Drinking tea is an ancient tradition that is said to date back to south-west China in 2727 BC. According to legend, the Chinese Emperor Shennong found the taste of his hot water greatly improved when a dried tea leaf fell into his cup. Since then tea traditions around the world have developed their own unique flavour, much like ice cream, or even sandwiches.

As tea drinking spread along the Silk Road and was introduced to Europe, it has been incorporated into cultures around the world. A variety of unique techniques of processing and drinking tea have developed over the centuries. Here are 11 interesting tea traditions around the world:

1Chinese Cha-Dao

For Chinese people, tea is a way of life. The country’s diverse climates have given rise to hundreds of different varieties of tea, such as Oolong, Jasmine, pu-erh (fermented tea), and Gunpowder. Black tea is not especially popular in China, having historically been reserved for export.

The art of making tea, or Cha Dao, is closely linked to Chinese philosophies of balance and harmony. The traditional way of serving tea is ritualized in the gong fu ceremony. Comprising of numerous steps, it also involves a tureen, strainers, tongs, tea towels, a brewing tray, and “scent cups,” which are used to sniff—but not drink—the strong and bitter brew.

2Moroccan Mint Tea

Touareg tea or Moroccan mint tea is a major part of North African culture. A heavily sweetened mixture of green tea and mint leaves it is served in small glasses. It is poured into these from a from a height, and guests are often offered three glasses – all which should be accepted in order to avoid looking impolite – along with nuts and sweets. The flavour of the tea deepens with each glass that is left to steep, leading to the Magrebhi proverb:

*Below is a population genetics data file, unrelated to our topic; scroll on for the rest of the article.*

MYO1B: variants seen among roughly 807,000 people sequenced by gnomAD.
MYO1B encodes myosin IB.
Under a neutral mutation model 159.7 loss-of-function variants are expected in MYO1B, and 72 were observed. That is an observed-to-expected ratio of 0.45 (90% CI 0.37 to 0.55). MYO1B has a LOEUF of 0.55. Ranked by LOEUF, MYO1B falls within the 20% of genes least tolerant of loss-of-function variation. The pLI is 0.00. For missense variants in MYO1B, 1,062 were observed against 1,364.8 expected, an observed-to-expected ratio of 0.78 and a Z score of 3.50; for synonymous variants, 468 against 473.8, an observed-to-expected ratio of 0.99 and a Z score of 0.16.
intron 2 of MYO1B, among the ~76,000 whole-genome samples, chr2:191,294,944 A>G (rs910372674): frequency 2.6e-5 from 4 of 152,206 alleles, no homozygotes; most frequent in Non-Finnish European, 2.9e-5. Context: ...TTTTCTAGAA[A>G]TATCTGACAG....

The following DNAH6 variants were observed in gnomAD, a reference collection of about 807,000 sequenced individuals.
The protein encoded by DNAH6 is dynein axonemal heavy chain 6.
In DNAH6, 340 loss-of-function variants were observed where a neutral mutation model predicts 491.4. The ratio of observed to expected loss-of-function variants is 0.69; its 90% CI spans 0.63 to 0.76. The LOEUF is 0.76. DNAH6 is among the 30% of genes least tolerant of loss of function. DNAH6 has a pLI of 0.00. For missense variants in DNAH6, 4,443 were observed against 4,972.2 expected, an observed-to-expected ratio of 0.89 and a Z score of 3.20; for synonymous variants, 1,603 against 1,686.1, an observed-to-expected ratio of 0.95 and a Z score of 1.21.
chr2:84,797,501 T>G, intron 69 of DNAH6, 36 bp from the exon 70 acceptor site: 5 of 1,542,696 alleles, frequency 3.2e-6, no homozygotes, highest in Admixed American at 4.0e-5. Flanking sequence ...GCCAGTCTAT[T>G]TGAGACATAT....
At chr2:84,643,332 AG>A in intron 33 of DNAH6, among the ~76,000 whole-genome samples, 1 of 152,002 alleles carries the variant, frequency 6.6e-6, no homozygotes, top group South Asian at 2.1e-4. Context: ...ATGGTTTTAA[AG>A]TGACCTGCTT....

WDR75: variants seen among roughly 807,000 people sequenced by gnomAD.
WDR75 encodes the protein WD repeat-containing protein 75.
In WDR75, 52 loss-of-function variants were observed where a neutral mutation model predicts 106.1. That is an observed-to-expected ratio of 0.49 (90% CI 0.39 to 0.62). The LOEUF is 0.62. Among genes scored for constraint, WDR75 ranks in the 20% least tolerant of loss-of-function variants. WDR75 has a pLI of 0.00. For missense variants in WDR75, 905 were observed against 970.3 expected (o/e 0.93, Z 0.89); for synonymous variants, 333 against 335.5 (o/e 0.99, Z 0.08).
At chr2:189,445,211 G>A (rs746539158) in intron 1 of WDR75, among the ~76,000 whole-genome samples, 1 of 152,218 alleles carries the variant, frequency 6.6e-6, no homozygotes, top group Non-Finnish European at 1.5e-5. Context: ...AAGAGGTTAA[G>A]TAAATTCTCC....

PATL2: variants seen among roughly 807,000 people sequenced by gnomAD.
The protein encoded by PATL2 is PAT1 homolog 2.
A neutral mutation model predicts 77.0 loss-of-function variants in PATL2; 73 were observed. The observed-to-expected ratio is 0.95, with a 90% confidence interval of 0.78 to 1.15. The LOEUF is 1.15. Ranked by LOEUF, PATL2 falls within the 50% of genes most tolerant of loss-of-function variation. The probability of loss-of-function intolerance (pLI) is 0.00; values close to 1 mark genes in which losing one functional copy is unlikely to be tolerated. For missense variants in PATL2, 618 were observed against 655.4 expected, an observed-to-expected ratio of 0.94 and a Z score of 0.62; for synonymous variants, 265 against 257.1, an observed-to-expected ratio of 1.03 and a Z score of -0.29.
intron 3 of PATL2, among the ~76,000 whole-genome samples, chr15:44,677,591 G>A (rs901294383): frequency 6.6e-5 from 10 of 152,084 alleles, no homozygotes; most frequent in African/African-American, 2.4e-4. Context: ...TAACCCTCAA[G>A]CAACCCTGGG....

The first glass is as gentle as life.

The second glass is as strong as love.

The third glass is as bitter as death.

3English Afternoon Tea

No country is so closely connected to tea as England. It’s as synonymous with British culture as fish and chips or the royal family. From dainty afternoon teas to heartier brews, it certainly is a favourite beverage. Tea was first introduced by the Dutch East India Company in the mid-1600’s, though it was initially expensive.

Afternoon tea only became a tradition in the 1800s, supposedly when Ann, Duchess of Bedford found the gap between breakfast and dinner too long and asked to be served a light meal. Now traditionally comprised of tea with sandwiches and scones, the Afternoon tea has been relegated to a special occasion affair in England, even though they are one of the world’s largest consumers of tea. They consume mostly black teas like Earl Grey and English Breakfast

4Thai Iced Tea

In Thailand, perhaps the most famous brew is the delicious Thai iced tea or cha-yen. Made from strongly brewed black Ceylon tea, it is blended with condensed milk and sugar before being served over ice. Various flavours or spices are added. These can include orange blossom, cinnamon, star anise, liquorice, and ground tamarind.

5Russian Samovars

Trade along the Silk Road brought tea to Russia in the 17th century, but it was only in the 1800s that it became widely available to everyone. Today, Russian tea, or zavarka, is synonymous with the samovar. A tall urn used to boil water, while a teapot containing the zavarka, highly concentrated black tea, sits atop it.

Small amounts of the tea are poured into cups and diluted with the water from the samovar. It can also be flavoured with lemon, sugar, honey, or other herbs. Much like in Morocco, tea and hospitality are closely connected in Russia. It is still considered polite to offer a guest a cup when they enter your home.

6Tibetan Butter Tea